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2nd Amend. Litigation Updates & Legal Discussion Discuss California 2A related litigation and legal topics here. All advice given is NOT legal counsel.

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Old 10-16-2016, 10:44 AM
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Default Viriyapanthu v. Jones 14-55187 Machinegun Registration - 9th affirms lower court

I would appreciate it if people could post links on other forums back to this post so that people who don't regularly visit here can know what's going on.

Notification was received from the 9th Circuit at the end of September that they are setting this case for oral arguments early next year.

Background

In 1995, the U.S. Supreme Court decided the case of U.S. v. Lopez (1995) 514 U.S. 549. Lopez involved a high school student who had brought a gun to school and was convicted under 18 USC §922(q) (“The Guns Free School Zone Act of 1990”). The U.S. Supreme Court held the law unconstitutional under the 10th Amendment. As the court explained, the United States was formed when the individual states agreed to cede a portion of their sovereignty to the national federal government.

The power of the federal government is limited only to those powers that the states gave the federal government in the constitution—e.g. the enumerated power of taxation, the authority to regulate interstate commerce between the states, etc. A ‘general police power” to enact criminal law is exclusively reserved for the states and prohibited to the federal government. In Lopez the Supreme Court held that the “Gun Free School Zone Act” was unconstitutional because the federal government lacked authority to enact the law as there was no showing that the law furthered the federal government’s interest in regulating interstate commerce between the states.

Based upon U.S. v. Lopez, in 2003 the 9th Circuit held the machinegun ban (18 USC §922(o)) unconstitutional in U.S. v. Stewart (2003) 348 F.3d 1132. Stewart was selling Maadi-Griffin parts kits on the internet and Shotgun News. During a search, ATF found a machinegun that Stewart had made from homemade parts. The 9th Circuit overturned the conviction and held §922(o) unconstitutional on grounds the parts that Stewart made didn’t travel across state lines, and didn’t affect the federal government’s interest in regulating interstate commerce.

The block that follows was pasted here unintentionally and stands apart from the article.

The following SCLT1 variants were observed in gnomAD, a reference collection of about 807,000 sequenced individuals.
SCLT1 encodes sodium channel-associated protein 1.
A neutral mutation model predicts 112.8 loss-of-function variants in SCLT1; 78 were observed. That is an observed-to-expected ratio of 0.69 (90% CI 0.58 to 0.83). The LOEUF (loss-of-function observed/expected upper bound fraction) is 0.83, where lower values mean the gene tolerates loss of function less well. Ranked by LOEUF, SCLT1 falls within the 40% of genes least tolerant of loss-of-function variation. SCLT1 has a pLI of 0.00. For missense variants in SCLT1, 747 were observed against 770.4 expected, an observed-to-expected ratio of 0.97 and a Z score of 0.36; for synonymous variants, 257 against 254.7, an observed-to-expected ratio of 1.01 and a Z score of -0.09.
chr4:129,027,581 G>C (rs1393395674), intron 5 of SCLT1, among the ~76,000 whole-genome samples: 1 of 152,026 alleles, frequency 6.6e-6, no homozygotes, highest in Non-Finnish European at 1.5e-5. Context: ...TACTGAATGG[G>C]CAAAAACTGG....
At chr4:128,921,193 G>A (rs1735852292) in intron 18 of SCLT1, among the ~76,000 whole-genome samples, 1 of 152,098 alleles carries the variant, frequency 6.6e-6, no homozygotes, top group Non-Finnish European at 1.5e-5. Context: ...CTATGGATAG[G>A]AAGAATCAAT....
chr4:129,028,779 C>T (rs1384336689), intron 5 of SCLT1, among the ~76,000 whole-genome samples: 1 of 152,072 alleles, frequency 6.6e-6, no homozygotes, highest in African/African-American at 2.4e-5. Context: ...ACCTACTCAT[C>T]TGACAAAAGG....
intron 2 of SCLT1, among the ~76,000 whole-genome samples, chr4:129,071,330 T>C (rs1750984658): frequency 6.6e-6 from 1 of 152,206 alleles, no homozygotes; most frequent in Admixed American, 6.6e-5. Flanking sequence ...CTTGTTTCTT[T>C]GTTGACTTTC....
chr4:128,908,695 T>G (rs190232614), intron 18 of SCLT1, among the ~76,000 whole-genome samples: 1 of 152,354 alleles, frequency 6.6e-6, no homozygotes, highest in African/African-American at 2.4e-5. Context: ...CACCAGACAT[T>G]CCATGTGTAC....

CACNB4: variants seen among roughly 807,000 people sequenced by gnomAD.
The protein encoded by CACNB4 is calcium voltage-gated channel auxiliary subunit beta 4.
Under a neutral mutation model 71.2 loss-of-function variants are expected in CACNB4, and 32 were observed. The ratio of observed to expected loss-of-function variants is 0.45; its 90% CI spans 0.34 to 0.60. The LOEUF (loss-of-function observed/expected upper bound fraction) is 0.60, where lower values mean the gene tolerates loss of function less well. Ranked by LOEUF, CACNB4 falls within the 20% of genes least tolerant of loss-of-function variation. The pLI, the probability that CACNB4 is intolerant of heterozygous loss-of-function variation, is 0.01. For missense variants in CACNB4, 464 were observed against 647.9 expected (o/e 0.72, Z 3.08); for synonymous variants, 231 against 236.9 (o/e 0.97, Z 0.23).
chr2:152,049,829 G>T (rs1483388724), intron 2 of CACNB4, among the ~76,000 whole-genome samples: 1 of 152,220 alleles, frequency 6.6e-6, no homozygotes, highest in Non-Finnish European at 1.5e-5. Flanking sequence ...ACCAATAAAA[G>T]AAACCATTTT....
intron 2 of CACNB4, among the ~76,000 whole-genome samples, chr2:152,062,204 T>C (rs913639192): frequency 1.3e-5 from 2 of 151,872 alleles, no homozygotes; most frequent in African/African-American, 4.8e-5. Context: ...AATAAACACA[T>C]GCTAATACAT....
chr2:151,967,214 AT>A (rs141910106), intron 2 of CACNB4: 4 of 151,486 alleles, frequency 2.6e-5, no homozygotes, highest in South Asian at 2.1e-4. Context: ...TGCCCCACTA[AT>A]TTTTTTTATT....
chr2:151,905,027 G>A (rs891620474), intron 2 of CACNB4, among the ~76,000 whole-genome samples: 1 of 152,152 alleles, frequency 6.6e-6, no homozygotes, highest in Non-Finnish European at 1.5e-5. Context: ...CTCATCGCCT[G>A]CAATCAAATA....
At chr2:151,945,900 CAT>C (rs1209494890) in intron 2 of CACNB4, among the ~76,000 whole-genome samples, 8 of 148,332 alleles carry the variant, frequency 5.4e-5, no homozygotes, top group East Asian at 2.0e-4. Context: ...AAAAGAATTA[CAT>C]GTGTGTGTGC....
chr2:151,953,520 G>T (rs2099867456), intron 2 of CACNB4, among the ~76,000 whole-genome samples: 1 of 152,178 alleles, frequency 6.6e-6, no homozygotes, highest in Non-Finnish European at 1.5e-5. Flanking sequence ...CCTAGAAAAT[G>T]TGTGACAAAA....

In 2005, the U.S. Supreme Court decided the case of Gonzales v. Raich (2005) U.S. 1 in which a medical marijuana patient filed suit against the federal government over the right to grow cannabis at home. The U.S. Supreme Court ruled for the government holding that homegrown marijuana—even if it does not pass across interstate lines—falls within congress’s power to regulate interstate commerce.

Based upon the Gonzales decision, the government appealed the Stewart decision to the U.S. Supreme Court which ordered the Stewart decision vacated and the 9th Circuit to reconsider the case in light of Gonzales v. Raich. The 9th Circuit then upheld the conviction. U.S. v. Stewart (2006) 451 F. 3d 1071.

Present Case

The case now pending before the 9th Circuit is Viriyapanthu v. B. Todd Jones (ATF Director) 14-55187. The problems which caused Stewart to be reversed are fixed and the issue of the MG ban is being sent back to the 9th.

This time the “illegal machinegun possession” was not because someone decided to make a MG. In this case the MG was a result of ATF reclassification which now leaves people stuck holding onto illegal unregistered machineguns without knowing they are in possession of a machinegun and without actually having done anything wrong

The U.S. military decommissions firearms by cutting the receivers and selling them as scrap metal to the public. The ATF sets criteria for destroying a machinegun so that it is “demilitarized” (or “demilled”) such that it is no longer considered a “machinegun” and can be sold without complying with NFA transfer requirements. AK47 parts kits are generally sourced from overseas, cut to ATF specifications, and imported into the United States and are built into legal semi-auto.

The problem is that the USDOD cuts its MG receivers to different specs than the ATF. MG’s cut to DOD specs and sold to the public as scrap, are considered unregistered MG’s in the eyes of ATF. In addition, ATF changed its demil specs throughout the years, so that an MG that was legally cut to a prior ATF spec and once considered “scrap metal”—is now considered by ATF to be an illegal unregistered MG.

922(o)
18 USC §922(o) only applies to machineguns made after 1986 and states:
(o) (1) Except as provided in paragraph (2), it shall be unlawful for any person to transfer or possess a machinegun.
(2) This subsection does not apply with respect to—
(A) a transfer to or by, or possession by or under the authority of, the United States or any department or agency thereof or a State, or a department, agency, or political subdivision thereof; or
(B) any lawful transfer or lawful possession of a machinegun that was lawfully possessed before the date this subsection takes effect.